In an agricultural area in the region of La Noguera, Lleida, the cultural center of the Dolmen of Seró harbors multipurpose spaces, taking up the site of two abandoned vegetable gardens by the town square. In 2007 an irrigation pipeline was being built on the site, and the construction works led to the discovery of a valuable archaeological site: a megalithic dolmen of approximately 4,800 years of age. The dolmen unveiled is a barrow delimited by a ring of stones carved into the ground, the most exceptional feature of which is the geometric ornament carved in bas-relief, and that used to be, at the same time, fragments of the old statues-steles. The new center’s main role is to custody the megalith, and to draw all the attention of visitors towards it.
Inspired by the concrete fodder sheds and the typical brick structures of the area, the new building custodies a prehistoric megalith decorated with bas-reliefs, discovered during the construction of an irrigation canal.
Built with local materials, the building spans the drop of up to one floor between the square and the vegetable gardens, and proposes a route through the different spaces – the wine space, where one can try local products and that has also become the town bar, a multipurpose hall that functions as civic center, a museum-space gathering documentation on the archaeological remains, etc. – until finally reaching the space containing the steles, through a gently sloping square spiral surrounded by perforated ceramic pieces that let a filtered light and air pass through. In the chamber, toplight directs all gazes towards each one of the stones.
The scheme proposes two promenades: one of access, from the plaza to the entrance of the new center; and another that takes visitors to the steles, in the heart of the building, reencountering the landscape once again.
The center is built with standard construction materials, but reinterpreted here through their properties and adapting them to the specific needs and the environment. Perforated brick and ceramic gravel configure the exterior pavement, flexible to deformation and able to ensure thermal insulation, which is advisable in an area with a continental climate, with heavy frosts in winter. The interior surface of the multipurpose space, of jack-arch brick and tiles, is modulated as a projection of the jack-arch bricks and the tie-beams of the upper slab. The arch distributes the stress evenly, and the ceramic tile absorbs any deformation. Placed on their underside, both materials provide an anti-skid surface.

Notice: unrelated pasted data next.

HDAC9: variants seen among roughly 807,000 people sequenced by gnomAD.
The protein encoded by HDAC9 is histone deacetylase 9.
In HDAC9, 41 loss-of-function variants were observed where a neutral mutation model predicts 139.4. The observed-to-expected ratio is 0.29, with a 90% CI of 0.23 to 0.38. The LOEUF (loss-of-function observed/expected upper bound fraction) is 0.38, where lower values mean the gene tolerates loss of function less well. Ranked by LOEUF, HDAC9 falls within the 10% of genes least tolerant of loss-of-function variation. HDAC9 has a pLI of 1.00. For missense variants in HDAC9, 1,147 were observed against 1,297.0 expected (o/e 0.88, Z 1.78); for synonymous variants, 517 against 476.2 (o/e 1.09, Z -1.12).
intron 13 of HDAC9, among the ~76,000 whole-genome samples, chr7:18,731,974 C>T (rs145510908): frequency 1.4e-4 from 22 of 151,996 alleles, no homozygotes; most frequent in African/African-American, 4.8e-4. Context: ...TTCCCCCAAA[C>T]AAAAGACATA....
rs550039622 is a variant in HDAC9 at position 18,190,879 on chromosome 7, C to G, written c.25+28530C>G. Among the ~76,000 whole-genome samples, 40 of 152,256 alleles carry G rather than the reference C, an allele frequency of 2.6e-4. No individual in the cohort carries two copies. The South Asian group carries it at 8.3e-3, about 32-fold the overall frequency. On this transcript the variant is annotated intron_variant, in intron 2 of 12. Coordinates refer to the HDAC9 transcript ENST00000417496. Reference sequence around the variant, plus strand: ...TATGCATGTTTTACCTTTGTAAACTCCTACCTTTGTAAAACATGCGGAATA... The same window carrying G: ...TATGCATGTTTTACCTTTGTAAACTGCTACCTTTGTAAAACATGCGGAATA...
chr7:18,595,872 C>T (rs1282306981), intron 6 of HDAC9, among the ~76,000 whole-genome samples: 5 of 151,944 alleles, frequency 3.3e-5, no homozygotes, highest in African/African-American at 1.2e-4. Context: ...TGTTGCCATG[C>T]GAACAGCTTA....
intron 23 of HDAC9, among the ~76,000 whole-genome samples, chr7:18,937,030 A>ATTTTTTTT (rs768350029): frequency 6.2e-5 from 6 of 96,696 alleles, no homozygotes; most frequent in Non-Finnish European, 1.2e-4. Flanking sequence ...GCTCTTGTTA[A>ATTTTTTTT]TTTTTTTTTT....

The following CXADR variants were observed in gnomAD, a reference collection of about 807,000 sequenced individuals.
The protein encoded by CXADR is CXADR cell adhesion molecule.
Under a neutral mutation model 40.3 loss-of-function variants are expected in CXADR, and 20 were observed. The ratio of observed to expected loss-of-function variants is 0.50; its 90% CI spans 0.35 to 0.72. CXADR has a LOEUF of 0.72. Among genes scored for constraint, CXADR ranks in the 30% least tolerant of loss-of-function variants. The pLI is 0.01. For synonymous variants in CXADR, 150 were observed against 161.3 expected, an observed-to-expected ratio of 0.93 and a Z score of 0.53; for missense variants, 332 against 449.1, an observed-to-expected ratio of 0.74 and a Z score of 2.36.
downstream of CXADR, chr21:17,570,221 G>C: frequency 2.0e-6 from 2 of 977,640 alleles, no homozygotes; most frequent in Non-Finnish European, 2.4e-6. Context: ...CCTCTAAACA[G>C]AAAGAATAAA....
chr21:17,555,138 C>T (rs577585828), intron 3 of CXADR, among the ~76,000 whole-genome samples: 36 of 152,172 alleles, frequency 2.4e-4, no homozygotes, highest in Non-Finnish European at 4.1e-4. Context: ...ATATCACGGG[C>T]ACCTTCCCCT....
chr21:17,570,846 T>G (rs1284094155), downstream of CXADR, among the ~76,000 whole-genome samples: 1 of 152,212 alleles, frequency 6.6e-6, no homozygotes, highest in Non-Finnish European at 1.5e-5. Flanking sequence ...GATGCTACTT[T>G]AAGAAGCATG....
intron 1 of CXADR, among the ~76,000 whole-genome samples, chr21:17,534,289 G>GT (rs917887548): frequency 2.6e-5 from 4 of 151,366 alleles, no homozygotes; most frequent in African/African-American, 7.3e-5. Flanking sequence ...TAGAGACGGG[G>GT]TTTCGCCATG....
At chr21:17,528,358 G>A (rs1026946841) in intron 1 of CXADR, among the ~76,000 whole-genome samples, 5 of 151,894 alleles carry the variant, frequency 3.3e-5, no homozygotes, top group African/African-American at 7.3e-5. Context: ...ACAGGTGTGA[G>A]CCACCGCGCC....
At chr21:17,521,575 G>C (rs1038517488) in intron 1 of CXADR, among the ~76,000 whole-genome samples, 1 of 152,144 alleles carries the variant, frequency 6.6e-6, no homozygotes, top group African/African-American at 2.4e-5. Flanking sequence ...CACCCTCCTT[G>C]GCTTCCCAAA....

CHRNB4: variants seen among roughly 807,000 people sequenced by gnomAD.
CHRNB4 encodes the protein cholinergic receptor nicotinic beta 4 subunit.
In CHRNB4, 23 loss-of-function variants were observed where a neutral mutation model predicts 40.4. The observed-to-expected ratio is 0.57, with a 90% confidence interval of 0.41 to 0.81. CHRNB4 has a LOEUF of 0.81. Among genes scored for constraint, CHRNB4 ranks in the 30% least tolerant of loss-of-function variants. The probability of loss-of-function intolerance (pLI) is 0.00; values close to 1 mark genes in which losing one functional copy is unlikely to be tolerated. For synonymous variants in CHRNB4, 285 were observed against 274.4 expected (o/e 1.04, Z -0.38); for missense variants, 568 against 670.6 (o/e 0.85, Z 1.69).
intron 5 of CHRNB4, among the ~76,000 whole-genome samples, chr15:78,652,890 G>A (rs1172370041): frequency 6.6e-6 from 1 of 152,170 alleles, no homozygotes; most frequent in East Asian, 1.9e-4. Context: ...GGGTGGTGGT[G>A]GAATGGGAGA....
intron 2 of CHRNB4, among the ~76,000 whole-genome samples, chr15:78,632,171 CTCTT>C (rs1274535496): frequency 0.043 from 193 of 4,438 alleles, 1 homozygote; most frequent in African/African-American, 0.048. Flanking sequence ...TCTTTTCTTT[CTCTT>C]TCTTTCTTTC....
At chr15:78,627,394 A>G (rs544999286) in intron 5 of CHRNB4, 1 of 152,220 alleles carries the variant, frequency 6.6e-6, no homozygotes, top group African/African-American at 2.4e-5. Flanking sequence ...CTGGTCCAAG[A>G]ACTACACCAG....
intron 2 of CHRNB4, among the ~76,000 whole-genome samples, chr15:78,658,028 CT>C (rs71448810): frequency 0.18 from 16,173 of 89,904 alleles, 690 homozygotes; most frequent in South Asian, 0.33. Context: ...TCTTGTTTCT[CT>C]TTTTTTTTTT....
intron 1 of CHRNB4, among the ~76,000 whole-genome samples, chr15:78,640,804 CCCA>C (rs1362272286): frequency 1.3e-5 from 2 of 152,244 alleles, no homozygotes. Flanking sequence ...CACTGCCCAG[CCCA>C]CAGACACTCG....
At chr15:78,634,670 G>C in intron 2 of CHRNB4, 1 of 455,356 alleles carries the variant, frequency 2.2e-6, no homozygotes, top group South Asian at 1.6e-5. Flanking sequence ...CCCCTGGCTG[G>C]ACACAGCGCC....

With a reduced budget, the project gives new life to traditional elements: floors built with hollow brick and ceramic trays, handrails made with steel rods from the reinforced concrete, and latticeworks made out of bottle racks.
The room containing the steles is built with a latticework of ceramic bottle racks placed horizontally, with burrowed joints of cement mortar. In the wine space, the racks are placed vertically, with empty bottles attached with foam to the holes of the racks. In winter, with the cork on, the bottles function as air chambers.
A corridor with latticework walls and gravel floors and that follows a double spiral, leads, through a route wrapped in a unique atmosphere, to the toplit room where the seven steles are displayed.
Ayuntamiento de Artesa de Segre
Dani Rebugent (arquitecto architect Estudi d’Arquitectura Toni Gironès); Brufau i Cusó (aparejadores quantity surveyors)
Boma Inpasa, Estudi XV (estructuras structural engineering); Oriol Vidal Ingeniería (instalaciones mechanical engineering); Pep Castells, Joan López (arqueólogos archaeologists)
Construcciones Orgèl·Lia, Construcciones Germans Gilabert; Ignasi Gilabert (jefe de obra site supervision); Instal·lacions Vilana; Fustería Gilibet
Superficie construida Floor area
Aitor Estévez, Toni Gironés